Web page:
Many English words have infiltrated the Spanish language. We politely refer to these words as spanglish. Examples include los jeans, el bloque, el CD, la soda, el bistec, el rosbif, el champú, el cóctel, la hamburguesa, el sandwich, el béisbol, el fútbol, el básquetbol, and el boxeador.
Near cognates are words that look so similar in both languages that their meaningsare unmistakable. Perhaps a letter or two is different, or there might be an accentmark on the Spanish word; essentially, however, the words are the same. Look at Table3.2 and see whether you can figure out the meanings of all the words. Are you upto the challenge?
Table 3.2 Near Cognates
Masculine Nouns El (ehl)
Feminine Nouns La (lah)
curioso (koo-ree-yoh-soh) banco (bahn-koh) blusa (bloo-sah) delicioso
ciclismo (see-klees-moh) catedral (kah-teh-drahl) diferente
diccionario (deek-see-yoh-nah-ree-yoh) computadora
difícil (dee-fee-seel) grupo (groo-poh) dieta (dee-yeh-tah) elegante
jardín (har-deen) familia (fah-mee-lee-yah) excelente
limón (lee-mohn) hamburguesa
famoso (fah-moh-soh) mecánico
lámpara (lahm-pah-rah) grande (grahn-deh) parque (pahr-keh) medicina
plato (plah-toh) guitarra (gee-tah-rrah) imposible (eem-poh-see-bleh) presidente
región (rreh-hee-yohn) posible (poh-see-bleh) teatro
probable (proh-bah-bleh) teléfono (teh-leh-foh-noh) turista (too-rees-tah)
In Spanish, adjectives must agree in number and gender with the nouns they describe. We'll cover this in detail in Chapter 9, "Getting to Know You." For now, just remember to use adjectives ending with -o to describe masculine nouns and adjectives ending with -a to describe feminine nouns. Adjectives ending in -e can describe either one.
Spanish words that begin with es- are often near cognates. You can guessthe meaning of many Spanish words beginning with es- by simply dropping theinitial e-:
Word Pronunciation English Meaning escarlata ehs-kahr-lah-tah scarlet escéptico ehs-kehp-tee-koh skeptical escultor ehs-kool-tohr sculptor espacio ehs-pah-see-yoh space España ehs-pah-nyah Spain especial ehs-peh-see-yahl special espectáculo ehs-pehk-tah-koo-loh spectacle, show espía ehs-pee-yah spy espiral ehs-pee-rahl spiral espléndido ehs-plehn-dee-doh splendid esquí ehs-kee ski estudiar ehs-too-dee-yahr to study estupendo ehs-too-pehn-doh stupendous
Practice reading the following Spanish sentences and then decipher what they mean.(The pronunciations of the Span ish phrases are provided below them.) Keep in mindthat the Spanish word es means "is." (Answers can be found on page405, in Appendix A.)
Try writing and saying the following sentences in Spanish. You can peek back atthe cognate list to make sure you are using the correct article (el or la)and to check your pronunciation. (Answers can be found on page 405, in Appendix A.)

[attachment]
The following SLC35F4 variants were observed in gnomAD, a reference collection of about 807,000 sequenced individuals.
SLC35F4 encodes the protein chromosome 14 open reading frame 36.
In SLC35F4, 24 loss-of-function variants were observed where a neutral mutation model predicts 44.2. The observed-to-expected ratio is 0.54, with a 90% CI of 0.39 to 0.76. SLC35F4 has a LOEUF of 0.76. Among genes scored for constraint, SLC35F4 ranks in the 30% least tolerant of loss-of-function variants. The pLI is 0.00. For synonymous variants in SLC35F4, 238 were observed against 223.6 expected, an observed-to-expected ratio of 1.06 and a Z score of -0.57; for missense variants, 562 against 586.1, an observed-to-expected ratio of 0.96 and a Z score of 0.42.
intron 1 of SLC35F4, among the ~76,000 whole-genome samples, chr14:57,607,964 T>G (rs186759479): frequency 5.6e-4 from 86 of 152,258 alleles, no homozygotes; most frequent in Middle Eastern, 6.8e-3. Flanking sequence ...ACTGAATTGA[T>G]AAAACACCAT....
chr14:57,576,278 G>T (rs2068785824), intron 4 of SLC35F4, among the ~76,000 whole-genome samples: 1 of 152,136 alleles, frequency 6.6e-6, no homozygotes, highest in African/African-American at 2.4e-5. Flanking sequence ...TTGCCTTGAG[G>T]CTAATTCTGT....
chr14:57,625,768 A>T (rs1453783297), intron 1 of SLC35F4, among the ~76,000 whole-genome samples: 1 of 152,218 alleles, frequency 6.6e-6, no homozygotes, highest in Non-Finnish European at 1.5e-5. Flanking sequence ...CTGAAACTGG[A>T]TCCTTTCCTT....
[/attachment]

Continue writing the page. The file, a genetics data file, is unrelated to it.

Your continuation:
Many Spanish verbs (words that show action or a state of being) are so similarto their English counterparts that you should have no difficulty recognizing theirmeanings.
Spanish verbs are governed by certain rules that will be explained in Chapter7, "Going Places." For now, look at the three major verb families--verbsending in -ar, -er, and -ir. Any verbs belonging to a familyare considered regular; those that do not belong to a family are irregular. Eachfamily has its own set of rules that will also be explained in Chapter 7. (Irregularverbs don't follow the family rules. Think of them as the black sheep. More informationabout irregular verbs is available in later chapters.) Check out the following membersof the three major families and see whether you can determine their meanings.
-ar Verbs acompañar entrar negar reparar adorar explicar observar reservar celebrar ignorar pasar terminar comenzar invitar practicar usar declarar marchar preparar verificar eliminar modificar refusar -er Verbs comprender responder vender -ir Verbs aplaudir dividir omitir decidir persuadir recibir describir preferir sufrir
In a Flash
Create five flash cards with a Spanish word on one side and the English cognate on the other. Practice looking at the English and giving the correct Spanish pronunciation.
The preceding section showed that you know a lot more Spanish than you realized.As a matter of fact, I'll bet you can easily read and understand the following sentenceswithout any problems. (Answers can be found on page 405, in Appendix A.)
Pretend you are a tourist in a Spanish-speaking country. Use what you have learnedto express the following feelings to a fellow tourist. (Answers can be found on page405, in Appendix A.)
2. The park is popular. __________________________________________________________________________
3. The dish is famous. __________________________________________________________________________
4. The restaurant is large. __________________________________________________________________________
5. The theater is modern. __________________________________________________________________________
6. The program is magnificent. __________________________________________________________________________
7. The actor is dynamic. __________________________________________________________________________
8. The hotel is comfortable. __________________________________________________________________________
Table 3.3 False Friends
Spanish Word English Meaning Spanish Word English Meaning asistir to attend hay there is (are) caro expensive librería bookstore comer to eat joya jewel fábrica factory pan< /TD> bread flor flower sopa soup
A complimentary copy of a Spanish newspaper was delivered to your hotel room.Curiosity has gotten the best of you, and you've decided to see how much Spanishyou already know. Identify the sections of the newspaper shown below and determinethe contents of the articles. (Answers can be found on page 406, in Appendix A.)
Posted March 24, 2003
Posted October 24, 2002